The IRE Resource Center is a major research library containing more than 23,250 investigative stories — both print and broadcast. These stories are searchable online or by contacting the Resource Center directly (573-882-3364 or email@example.com) where a researcher can help you pinpoint what you need. Browse or search the tipsheet section of our library below. Stories are not available for download but can be easily ordered by contacting the Resource Center:
The IRE Resource Center is a major research library containing more than 23,250 investigative stories — both print and broadcast.
These stories are searchable online or by contacting the Resource Center directly (573-882-3364 or firstname.lastname@example.org) where a researcher can help you pinpoint what you need.
Browse or search the tipsheet section of our library below. Stories are not available for download but can be easily ordered by contacting the Resource Center:
Search results for "flipping schemes" ...
In one of the largest white collar crimes, "$10 billion in suspicious property flips helped turn the real estate boom into the worst financial crisis since the Great Depression." This series became the most comprehensive investigation and it also uncovered certain tactics used by these men to appear legitimate. Furthermore, this investigation didn't have the help of police reports and court cases, just the truth.
Dixon spent three months following a chain of titles on hundreds of property deals and deeds. She found that several real-estate companies which contract with charities to evaluate and sell real estate donations on behalf of the charities are scramming the charities. Dixon found that " The company [Donate Real Estate] was selling property to associates of the founders, who then flipped, or resold the property, to buyers who paid many times the first purchase price. Those buyers then got mortgages based on inflated appraisals, didn't make their payments, and the homes went into foreclosure." The investigation unearthed a brazen and widespread real estate and mortgage fraud scheme that took advantage of novice investors.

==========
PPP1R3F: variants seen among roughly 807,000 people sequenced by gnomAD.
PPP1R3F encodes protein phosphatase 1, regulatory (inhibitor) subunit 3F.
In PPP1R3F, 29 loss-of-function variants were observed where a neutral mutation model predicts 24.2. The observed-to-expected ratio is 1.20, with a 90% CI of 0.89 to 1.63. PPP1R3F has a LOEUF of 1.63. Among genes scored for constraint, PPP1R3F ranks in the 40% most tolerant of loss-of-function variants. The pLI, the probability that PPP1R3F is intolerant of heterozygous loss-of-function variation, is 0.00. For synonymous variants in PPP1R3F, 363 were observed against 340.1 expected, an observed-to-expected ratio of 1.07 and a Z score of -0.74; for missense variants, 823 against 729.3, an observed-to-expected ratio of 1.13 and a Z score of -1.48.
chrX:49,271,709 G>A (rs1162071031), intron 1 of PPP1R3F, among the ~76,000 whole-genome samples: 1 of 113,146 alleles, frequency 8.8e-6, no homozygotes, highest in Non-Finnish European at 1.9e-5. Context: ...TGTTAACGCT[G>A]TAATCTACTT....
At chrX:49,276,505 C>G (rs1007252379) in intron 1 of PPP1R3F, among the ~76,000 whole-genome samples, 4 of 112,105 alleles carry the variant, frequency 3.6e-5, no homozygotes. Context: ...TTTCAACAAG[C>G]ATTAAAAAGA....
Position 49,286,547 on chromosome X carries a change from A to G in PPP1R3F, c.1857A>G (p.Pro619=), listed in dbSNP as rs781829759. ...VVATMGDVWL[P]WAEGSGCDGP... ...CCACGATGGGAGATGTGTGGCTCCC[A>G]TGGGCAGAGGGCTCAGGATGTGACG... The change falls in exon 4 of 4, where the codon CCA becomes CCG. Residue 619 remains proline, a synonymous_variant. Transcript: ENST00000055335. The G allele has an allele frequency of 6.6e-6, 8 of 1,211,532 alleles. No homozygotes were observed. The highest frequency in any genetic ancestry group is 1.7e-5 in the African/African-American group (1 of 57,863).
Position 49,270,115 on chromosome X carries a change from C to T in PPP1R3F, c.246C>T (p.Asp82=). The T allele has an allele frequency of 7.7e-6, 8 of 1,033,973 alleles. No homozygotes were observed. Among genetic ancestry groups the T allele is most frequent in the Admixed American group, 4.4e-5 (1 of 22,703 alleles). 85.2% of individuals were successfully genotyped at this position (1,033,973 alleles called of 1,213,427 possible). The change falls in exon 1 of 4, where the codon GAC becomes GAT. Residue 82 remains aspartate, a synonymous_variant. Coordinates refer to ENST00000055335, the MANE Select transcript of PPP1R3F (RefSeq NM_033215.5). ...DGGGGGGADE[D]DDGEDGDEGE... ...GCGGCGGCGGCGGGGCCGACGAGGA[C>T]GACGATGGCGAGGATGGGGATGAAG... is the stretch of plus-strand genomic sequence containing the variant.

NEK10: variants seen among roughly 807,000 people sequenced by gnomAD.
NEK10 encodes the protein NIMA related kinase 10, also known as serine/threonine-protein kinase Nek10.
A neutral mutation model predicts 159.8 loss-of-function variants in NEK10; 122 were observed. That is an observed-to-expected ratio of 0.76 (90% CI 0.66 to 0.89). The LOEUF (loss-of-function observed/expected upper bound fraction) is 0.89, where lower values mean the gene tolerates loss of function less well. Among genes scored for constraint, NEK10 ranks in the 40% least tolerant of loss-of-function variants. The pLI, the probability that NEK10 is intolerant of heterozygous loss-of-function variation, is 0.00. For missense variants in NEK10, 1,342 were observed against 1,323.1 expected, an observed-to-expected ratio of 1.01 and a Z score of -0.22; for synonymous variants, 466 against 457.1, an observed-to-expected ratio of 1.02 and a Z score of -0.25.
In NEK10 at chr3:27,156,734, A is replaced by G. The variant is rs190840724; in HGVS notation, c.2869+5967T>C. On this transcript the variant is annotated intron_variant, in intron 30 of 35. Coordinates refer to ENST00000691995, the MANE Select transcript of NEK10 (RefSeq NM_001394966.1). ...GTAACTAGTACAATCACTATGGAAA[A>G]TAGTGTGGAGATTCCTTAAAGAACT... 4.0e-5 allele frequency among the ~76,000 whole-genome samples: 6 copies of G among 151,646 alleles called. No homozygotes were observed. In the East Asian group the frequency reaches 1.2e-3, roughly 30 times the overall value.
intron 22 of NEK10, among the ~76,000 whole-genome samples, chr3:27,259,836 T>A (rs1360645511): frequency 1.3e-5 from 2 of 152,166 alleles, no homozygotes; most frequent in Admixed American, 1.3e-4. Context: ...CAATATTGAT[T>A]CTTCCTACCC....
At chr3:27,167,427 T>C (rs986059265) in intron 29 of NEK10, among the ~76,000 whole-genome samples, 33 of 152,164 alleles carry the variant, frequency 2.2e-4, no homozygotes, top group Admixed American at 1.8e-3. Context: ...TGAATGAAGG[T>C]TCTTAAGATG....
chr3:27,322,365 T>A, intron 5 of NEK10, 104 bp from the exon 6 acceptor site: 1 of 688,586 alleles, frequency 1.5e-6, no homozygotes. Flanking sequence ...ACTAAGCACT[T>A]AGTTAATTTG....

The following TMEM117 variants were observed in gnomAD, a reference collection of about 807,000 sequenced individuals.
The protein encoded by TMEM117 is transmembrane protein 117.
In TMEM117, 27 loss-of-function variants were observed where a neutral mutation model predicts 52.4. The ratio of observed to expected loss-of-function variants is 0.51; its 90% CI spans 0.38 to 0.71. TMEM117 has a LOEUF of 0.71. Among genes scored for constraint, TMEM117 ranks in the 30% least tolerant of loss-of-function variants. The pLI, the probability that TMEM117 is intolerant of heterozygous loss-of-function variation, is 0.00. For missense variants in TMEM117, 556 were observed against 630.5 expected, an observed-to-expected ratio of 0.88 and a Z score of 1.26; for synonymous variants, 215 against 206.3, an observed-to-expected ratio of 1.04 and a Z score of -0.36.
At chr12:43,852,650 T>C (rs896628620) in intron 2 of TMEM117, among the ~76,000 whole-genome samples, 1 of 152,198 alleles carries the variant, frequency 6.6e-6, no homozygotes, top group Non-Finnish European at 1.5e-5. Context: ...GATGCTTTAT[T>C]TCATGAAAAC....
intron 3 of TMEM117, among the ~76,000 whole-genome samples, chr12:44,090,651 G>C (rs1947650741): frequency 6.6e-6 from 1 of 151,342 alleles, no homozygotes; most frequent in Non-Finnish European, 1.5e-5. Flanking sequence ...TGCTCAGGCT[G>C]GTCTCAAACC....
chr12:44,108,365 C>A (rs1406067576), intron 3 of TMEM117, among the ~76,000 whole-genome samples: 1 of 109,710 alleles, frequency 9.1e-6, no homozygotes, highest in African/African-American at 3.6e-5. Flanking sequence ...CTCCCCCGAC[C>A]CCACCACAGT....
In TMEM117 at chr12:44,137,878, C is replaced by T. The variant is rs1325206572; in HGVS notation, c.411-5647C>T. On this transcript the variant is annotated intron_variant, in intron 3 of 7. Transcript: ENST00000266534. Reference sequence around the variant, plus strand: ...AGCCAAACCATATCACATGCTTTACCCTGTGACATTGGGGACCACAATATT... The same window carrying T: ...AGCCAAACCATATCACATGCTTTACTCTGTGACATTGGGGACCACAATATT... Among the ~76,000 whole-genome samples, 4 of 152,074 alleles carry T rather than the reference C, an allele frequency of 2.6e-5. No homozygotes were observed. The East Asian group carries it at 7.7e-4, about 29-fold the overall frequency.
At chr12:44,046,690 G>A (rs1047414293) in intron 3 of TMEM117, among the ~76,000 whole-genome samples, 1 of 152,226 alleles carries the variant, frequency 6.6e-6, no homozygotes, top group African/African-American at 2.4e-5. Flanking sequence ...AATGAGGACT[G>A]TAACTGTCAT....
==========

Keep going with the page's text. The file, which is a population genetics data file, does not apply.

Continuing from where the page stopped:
According to the author, "A five-month investigation by The Record exposed serious loopholes in local, state and federal housing regulations that thwart the U.S. Department of Housing and Urban Development's goal of neighborhood stabilization of the inner city. The stories document how lax regulations allowed a real estate partnership to buy more than 100 shoddy homes in New Jersey cities, make cosmetic repairs and sell them for 75 to 100 percent profit to first-time homebuyers with taxpayer backed mortgages. Due to this property-flipping scheme, many owners are forced to foreclose because of high repair costs. Because HUD guarantees the mortgages, the federal government ends up paying off the house."
Tags: federal housing; housing regulations; schemes; loopholes; state housing regulations; New Jersey; real estate; mortgages; taxpayers; federal government; HUD; Housing and Urban Development; cities; inner city
This weekly newspaper investigated a "real-estate flipping scheme involving city of Tampa redevelopment properties." The reporter found out that "a private company [Wide Spread Inc.] had allegedly flipped the properties using city funds at a financial gain to the company and its agents of at least $ 337,000." The investigation revealed that the flipping scheme involved "four nonprofit groups designated by Tampa Mayor Dick Greco to help the city spruce up rundown sections of Tampa Heights and Ybor city." The nonprofits purchased at unreasonably high prices the properties Wide Spread had acquired. The story pointed out that "city auditors came across the same alleged flipping activity and privately alerted state criminal investigators before Weekly Planet published its story." At the time the story was published "city officials claimed to be unaware".
WBAL-TV reports "an investigation that focuses on a real estate scheme in which longtime landlords and speculators "flip" deteriorating properties to unknowing buyers and investors for highly inflated prices. The extent of the scheme .. as many as 2500 properties in the city of Baltimore are involved. The scheme has caused a dramatic increase in mortgage foreclosures and personal bankruptcies and has further contributed to the demise of many struggling neighborhoods."